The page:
Android is the OS of choice for the Moto G and it’s a pleasingly vanilla version, lacking the heavy overlays that many other Android phones ship with. You get a few Motorola-flavoured extras such as Moto Migrate, which helps you to move your old photos, messages, etc. from your old phone, but besides that the Moto G is as close to a clean Android slate as you’ll find. You can download a massive selection of apps from Google Play and populate your desktops with the usual array of widgets.
Take a look at our Android Lollipop review for more info, and the Moto G is due an upgrade to Android Marshmallow very soon.
Finally, the Wileyfox Swift uses a tweaked version of Android known as Cyanogen OS. Cynanogen is a solid choice for more advanced users who demand greater customisation, plus deep control over app privileges. Check out our full Cyanogen review for more info.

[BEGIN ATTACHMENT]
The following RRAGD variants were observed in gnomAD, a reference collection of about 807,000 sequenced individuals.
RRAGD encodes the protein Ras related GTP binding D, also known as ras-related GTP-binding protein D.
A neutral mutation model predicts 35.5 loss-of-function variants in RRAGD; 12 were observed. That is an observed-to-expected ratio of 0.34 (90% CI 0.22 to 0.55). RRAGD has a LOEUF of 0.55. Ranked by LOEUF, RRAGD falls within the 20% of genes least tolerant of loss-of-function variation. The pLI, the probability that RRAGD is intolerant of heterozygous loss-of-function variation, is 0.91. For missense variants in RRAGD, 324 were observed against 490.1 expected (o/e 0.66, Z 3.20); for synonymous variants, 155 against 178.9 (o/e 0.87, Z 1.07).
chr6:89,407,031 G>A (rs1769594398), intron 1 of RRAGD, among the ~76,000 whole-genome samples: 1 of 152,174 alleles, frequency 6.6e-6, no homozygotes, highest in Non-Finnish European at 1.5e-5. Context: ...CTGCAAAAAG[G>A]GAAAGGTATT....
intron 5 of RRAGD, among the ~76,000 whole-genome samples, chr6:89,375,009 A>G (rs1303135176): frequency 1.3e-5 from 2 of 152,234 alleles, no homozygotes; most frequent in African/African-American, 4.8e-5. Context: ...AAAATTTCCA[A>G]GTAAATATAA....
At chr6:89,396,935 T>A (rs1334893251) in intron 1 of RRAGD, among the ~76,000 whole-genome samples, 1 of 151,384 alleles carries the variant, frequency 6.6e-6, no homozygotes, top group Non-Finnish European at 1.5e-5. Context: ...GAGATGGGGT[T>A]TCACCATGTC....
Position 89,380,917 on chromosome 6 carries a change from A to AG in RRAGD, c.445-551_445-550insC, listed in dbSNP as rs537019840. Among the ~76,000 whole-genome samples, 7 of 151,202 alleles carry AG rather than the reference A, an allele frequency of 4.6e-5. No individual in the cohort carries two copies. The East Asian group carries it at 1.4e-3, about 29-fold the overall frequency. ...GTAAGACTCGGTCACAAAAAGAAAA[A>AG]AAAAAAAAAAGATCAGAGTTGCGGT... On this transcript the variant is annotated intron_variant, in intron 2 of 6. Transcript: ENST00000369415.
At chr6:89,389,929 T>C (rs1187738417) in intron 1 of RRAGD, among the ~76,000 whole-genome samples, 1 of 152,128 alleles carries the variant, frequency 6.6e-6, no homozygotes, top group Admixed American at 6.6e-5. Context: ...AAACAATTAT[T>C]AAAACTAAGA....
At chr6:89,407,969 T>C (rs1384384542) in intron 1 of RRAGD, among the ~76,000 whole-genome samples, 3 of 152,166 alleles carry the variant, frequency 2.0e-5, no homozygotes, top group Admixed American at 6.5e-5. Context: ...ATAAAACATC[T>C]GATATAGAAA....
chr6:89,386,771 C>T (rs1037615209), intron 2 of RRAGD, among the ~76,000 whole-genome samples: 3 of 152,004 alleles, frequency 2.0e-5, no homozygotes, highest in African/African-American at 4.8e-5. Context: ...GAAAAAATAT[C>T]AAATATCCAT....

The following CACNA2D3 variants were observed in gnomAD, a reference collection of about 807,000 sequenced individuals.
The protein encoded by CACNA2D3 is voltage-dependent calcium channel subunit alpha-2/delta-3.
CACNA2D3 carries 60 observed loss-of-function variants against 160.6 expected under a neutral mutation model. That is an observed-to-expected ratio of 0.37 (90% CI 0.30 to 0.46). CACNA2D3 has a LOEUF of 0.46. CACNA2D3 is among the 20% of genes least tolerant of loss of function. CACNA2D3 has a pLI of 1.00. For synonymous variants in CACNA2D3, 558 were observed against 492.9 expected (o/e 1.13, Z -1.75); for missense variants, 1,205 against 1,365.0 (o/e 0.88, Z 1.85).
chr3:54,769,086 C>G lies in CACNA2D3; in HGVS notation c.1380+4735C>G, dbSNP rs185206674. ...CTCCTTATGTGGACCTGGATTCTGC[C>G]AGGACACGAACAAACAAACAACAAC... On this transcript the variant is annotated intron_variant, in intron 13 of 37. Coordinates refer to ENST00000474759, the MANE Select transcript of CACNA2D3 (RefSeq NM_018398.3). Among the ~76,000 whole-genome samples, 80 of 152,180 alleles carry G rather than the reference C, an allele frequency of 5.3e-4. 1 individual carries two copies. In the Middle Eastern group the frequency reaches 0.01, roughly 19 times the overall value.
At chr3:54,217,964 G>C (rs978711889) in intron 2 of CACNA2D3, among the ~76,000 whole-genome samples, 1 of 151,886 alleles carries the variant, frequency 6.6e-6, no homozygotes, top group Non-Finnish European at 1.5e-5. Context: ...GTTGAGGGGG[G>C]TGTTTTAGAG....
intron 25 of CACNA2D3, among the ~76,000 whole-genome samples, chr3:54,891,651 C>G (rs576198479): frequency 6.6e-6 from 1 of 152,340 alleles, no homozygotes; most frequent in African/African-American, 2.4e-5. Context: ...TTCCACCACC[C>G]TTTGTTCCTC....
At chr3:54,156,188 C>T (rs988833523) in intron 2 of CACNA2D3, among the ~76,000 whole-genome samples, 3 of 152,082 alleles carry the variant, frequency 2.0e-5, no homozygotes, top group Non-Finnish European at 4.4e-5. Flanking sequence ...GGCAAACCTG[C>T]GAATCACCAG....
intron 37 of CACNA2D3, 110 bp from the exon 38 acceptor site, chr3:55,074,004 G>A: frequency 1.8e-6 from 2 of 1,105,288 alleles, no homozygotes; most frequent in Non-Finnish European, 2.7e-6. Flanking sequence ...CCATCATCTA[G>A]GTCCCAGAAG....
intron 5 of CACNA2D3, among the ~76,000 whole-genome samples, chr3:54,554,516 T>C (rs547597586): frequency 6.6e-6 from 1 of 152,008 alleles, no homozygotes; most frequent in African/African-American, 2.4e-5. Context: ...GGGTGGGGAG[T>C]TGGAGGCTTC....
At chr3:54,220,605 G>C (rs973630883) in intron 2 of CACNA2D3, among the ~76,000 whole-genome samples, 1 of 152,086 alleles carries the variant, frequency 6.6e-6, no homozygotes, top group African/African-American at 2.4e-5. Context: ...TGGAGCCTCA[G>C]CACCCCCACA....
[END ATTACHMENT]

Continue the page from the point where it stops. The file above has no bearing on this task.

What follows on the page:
Microsoft Lumia 650 vs Motorola Moto G vs Wileyfox Swift: Performance
When it comes to performance, the Moto G is the clear winner here. After several months of use it still refuses to slow down, offering a smooth everyday experience and playing the latest games without a struggle.
The Swift and the Lumia 650 try their damndest, but we still see the occasional lag from both of them. They’ll play the latest games, but you can expect the odd dropped frame and stutter, while switching between apps is often accompanied by a brief pause as the phone tries to catch up.
Microsoft Lumia 650 vs Motorola Moto G vs Wileyfox Swift: Battery life
Everyday battery life is consistent across all three handsets here, with a full day of use between charges and no more. They all charge in roughly two hours and you can pop out and replace the batteries if needed.